WASHINGTON -- Maryland Rep. Tom McMillen yesterday became the first Democratic incumbent to pledge to leave office if this year's projected federal deficit of $333.5 billion is not halved by 1996.
The three-term congressman signed the pledge issued by the "Lead -- or Leave" campaign, launched this week to pressure all candidates for and incumbents of federal office to promise to halve the deficit in four years or quit.
By last night, only one other congressman, Republican Ron Marlenee of Montana, had signed the pledge, according to campaign officials.
Mr. McMillen faces a difficult re-election battle this fall against a fellow incumbent, freshman Republican Rep. Wayne T. Gilchrest, the newly redrawn 1st Congressional District.
"This deficit will be a terrible burden on our children and grandchildren. For the sake of America, and Maryland's future, we need to take this step," Mr. McMillen said in a prepared statement. "This is an important step to getting lawmakers and candidates to completely devote themselves and their political futures to cutting the deficit."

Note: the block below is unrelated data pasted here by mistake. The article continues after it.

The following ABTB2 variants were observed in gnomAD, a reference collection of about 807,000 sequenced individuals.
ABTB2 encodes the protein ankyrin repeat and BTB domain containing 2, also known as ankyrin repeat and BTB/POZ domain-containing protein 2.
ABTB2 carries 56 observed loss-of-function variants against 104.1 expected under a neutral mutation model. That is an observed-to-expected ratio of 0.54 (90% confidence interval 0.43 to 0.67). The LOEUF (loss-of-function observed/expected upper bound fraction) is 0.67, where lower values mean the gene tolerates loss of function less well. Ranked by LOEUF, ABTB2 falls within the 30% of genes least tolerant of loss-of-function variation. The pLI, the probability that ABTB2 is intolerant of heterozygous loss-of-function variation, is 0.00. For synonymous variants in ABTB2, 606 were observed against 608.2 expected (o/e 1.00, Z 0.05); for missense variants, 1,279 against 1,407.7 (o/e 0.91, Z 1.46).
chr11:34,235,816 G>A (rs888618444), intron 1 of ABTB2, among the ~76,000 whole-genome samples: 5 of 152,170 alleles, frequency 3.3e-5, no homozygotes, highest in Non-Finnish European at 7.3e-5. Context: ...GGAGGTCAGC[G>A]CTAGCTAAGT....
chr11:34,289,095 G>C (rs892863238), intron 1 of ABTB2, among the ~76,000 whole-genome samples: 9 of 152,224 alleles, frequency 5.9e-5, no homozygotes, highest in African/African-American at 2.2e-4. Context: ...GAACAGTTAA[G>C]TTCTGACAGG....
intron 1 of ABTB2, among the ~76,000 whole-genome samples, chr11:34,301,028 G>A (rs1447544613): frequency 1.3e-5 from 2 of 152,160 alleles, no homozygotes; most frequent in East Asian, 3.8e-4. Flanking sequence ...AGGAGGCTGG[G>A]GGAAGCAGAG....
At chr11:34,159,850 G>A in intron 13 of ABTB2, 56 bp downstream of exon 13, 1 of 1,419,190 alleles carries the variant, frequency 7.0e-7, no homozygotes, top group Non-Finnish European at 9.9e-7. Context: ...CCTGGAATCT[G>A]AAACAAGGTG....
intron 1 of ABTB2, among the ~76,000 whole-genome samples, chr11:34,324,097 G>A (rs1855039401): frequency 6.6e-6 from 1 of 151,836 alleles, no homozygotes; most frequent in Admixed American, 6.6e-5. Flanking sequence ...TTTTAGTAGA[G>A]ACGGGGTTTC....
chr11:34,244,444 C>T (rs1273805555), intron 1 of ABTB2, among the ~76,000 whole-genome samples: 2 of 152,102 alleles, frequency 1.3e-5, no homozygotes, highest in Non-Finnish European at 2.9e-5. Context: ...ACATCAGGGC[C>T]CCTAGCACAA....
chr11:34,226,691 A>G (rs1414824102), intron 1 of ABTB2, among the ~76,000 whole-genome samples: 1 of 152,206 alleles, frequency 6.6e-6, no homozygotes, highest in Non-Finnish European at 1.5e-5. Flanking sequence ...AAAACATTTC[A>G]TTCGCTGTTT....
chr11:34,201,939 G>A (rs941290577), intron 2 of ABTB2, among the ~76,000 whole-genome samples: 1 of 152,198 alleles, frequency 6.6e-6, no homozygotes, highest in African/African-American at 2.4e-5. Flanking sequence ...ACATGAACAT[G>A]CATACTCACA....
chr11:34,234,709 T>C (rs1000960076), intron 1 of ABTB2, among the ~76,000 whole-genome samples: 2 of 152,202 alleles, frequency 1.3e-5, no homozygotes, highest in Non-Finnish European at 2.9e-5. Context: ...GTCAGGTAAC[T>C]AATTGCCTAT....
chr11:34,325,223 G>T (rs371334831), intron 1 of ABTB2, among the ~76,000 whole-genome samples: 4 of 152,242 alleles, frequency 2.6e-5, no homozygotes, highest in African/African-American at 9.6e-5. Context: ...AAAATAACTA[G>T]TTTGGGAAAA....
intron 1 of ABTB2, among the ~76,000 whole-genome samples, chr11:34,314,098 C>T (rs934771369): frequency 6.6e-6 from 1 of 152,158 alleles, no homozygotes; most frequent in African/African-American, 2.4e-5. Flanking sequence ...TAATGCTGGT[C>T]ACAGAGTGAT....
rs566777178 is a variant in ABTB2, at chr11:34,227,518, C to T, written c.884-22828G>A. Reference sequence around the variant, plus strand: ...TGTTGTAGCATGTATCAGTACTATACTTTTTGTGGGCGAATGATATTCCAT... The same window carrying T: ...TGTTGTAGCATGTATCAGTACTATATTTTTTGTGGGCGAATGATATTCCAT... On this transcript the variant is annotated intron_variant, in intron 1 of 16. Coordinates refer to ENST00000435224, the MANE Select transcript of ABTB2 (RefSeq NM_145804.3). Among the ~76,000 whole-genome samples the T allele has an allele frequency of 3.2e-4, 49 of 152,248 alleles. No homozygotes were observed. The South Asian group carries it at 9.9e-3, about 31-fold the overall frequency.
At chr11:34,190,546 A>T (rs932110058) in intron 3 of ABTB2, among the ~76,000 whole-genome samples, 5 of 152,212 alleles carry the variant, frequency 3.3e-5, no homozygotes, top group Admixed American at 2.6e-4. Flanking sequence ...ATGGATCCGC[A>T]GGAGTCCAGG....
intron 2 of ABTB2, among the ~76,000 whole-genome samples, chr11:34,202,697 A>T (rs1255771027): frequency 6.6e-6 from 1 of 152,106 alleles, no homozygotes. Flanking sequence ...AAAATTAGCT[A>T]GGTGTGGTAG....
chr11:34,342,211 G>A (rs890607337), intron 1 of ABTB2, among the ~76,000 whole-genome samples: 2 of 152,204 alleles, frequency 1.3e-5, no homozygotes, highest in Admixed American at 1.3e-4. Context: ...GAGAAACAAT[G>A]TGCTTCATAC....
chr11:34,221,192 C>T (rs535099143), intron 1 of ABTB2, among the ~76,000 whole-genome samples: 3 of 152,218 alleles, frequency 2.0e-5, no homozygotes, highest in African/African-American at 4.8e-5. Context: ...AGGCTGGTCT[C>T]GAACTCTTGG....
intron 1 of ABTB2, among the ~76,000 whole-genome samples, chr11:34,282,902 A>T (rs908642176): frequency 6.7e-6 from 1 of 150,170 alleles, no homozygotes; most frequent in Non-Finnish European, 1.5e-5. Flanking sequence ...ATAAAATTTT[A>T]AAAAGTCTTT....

Outside Congress, the pledge has also been taken by former Colorado Gov. Dick Lamm, who is running to replace retiring Democrat Tim Wirth in the Senate, and by Democrat Chuck Kovaleski, who is challenging Republican Rep. Bill McCollum of Florida.
The "Lead -- or Leave" campaign is part of a political move to make the deficit a top political priority. Former Democratic presidential candidate Paul E. Tsongas and Republican Sen. Warren B. Rudman of New Hampshire publicly endorsed the campaign this week.
President Bush and Democratic nominee Bill Clinton have produced plans that rely mainly on increasing federal revenues by stimulating economic growth to reduce the deficit.